Topeka New students in Kansas’ public schools and declining property values have punched what could become a $70 million hole in the state’s already shaky budget, a top education official confirmed Friday.
Deputy Education Commissioner Dale Dennis said Kansas faces being short in its ability to meet its legal obligations for providing aid to its 293 school districts during their current academic year. That’s true even though the state already has reduced its per-pupil aid by 4.8 percent this year.
It’s more bad news for state officials, who already must deal with lower-than-anticipated tax collections in July, August and September. They face lowering per-pupil aid to schools further, making cuts in other parts of the budget or even raising taxes.
“The total could be $70 million,” Dennis said during an interview with The Associated Press.
Senate Ways and Means Committee Chairman Jay Emler said the school finance hole is only one budget problem the state faces. And, he said, he doubts Kansas can raise taxes quickly enough to plug any shortfalls because legislators don’t reconvene until January.
Emler, a Lindsborg Republican, predicted the state will be forced to adjust aid payments to schools.
“I don’t see any way around it,” Emler said. “I’m not going to try to sugarcoat this. We just don’t have the money.”
But Gov. Mark Parkinson, a Democrat, isn’t moving to impose cuts before legislators reconvene. Spokeswoman Beth Martino said the governor is waiting to see whether October tax collections meet expectations and for the state’s next financial forecast, which will be issued Nov. 5.
“It’s too early to make hasty decisions and panic,” Martino said.
The state distributes nearly $3 billion in aid to its public schools based on their enrollments. Kansas has a statewide property tax levy, but the bulk of the aid is covered by general tax revenues.
Kansas has seen four rounds of budget cuts and other adjustments this year to keep the state budget balanced through June 30, 2010. Schools lost $130 million and saw their base aid drop $215 per student.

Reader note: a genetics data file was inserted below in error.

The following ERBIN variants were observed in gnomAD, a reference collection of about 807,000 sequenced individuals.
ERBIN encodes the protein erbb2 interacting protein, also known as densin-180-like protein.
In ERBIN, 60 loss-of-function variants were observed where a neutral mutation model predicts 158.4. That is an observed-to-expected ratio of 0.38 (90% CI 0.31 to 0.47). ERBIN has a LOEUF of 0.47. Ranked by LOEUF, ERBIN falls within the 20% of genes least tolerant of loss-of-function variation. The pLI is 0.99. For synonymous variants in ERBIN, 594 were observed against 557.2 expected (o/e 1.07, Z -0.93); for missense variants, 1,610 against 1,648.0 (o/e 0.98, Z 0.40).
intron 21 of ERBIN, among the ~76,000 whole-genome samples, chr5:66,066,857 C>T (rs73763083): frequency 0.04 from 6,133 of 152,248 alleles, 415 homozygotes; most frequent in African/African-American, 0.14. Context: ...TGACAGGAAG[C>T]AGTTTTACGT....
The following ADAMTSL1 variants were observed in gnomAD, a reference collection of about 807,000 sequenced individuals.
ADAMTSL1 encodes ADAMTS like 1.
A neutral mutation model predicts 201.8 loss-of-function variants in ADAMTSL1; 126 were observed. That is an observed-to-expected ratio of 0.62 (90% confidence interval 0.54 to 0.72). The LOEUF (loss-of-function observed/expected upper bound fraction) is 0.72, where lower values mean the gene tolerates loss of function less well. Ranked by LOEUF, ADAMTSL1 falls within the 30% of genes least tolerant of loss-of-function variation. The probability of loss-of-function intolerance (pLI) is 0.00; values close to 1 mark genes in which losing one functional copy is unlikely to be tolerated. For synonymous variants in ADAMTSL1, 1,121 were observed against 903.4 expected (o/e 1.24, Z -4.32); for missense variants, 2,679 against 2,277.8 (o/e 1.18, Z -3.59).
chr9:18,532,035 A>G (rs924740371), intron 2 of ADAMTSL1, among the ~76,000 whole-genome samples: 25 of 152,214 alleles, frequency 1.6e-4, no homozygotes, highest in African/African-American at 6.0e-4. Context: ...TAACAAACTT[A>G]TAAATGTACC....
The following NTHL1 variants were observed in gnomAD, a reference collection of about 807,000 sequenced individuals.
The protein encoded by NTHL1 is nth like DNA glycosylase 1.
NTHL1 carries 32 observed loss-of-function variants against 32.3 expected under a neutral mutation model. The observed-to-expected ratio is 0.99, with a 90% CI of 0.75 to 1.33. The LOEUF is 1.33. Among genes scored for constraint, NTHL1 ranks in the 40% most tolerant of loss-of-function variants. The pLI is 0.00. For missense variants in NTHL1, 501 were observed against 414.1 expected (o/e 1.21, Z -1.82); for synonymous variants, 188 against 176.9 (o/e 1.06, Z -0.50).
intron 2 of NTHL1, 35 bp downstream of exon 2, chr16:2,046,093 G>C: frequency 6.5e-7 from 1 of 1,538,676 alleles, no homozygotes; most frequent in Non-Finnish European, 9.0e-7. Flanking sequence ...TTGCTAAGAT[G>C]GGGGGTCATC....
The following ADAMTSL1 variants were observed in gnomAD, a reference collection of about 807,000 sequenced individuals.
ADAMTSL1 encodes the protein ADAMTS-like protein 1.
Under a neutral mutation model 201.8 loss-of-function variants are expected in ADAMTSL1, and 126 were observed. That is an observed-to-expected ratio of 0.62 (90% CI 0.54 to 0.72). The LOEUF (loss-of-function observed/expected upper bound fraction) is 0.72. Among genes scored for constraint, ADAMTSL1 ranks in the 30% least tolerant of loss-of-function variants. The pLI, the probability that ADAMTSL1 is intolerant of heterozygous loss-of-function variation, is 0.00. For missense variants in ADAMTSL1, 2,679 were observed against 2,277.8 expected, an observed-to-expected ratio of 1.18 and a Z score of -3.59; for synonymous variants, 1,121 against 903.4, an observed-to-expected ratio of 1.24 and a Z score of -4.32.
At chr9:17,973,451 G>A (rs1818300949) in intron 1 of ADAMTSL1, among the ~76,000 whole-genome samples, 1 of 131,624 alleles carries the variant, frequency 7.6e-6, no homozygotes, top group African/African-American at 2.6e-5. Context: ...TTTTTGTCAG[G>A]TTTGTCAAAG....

Because of the economy, the taxable value of homes and commercial property declined about $500 million for 2009, or 1.7 percent, Dennis said. Tax bills this fall are based on those values.
Meanwhile, he said, the state saw enrollments rise at its schools this fall. There are about 2,500 new students, in addition to the 450,000 students schools already had, growth of about 0.6 percent.
But, Dennis said, schools also have seen applications for free-lunch programs jump an average of 11.5 percent. The state’s aid formula allows districts to inflate their enrollments for each student in such a program, because they’re considered at risk of failing and in theory need more attention.
In the Wichita district, the state’s largest, enrollment increased by 900 students and is now more than 50,000, the highest since 1975, said district lobbyist Diane Gjerstad.
More Wichita students also are seeking free lunches, which Gjerstad attributed to the economy. Aviation companies have been hit hard, and the four-county Wichita metropolitan area had 19 percent fewer manufacturing jobs in September than in September 2008 — a decline of 13,200.
“It is important for schools to maintain the safety net of services,” Gjerstad said. “We have more students walking through our doors today with greater needs.”
Dennis said schools report that some people are moving back to Kansas from other states to live with their families after losing jobs. He said some Kansans also may be pulling children out of private schools because they can’t afford the tuition, he said.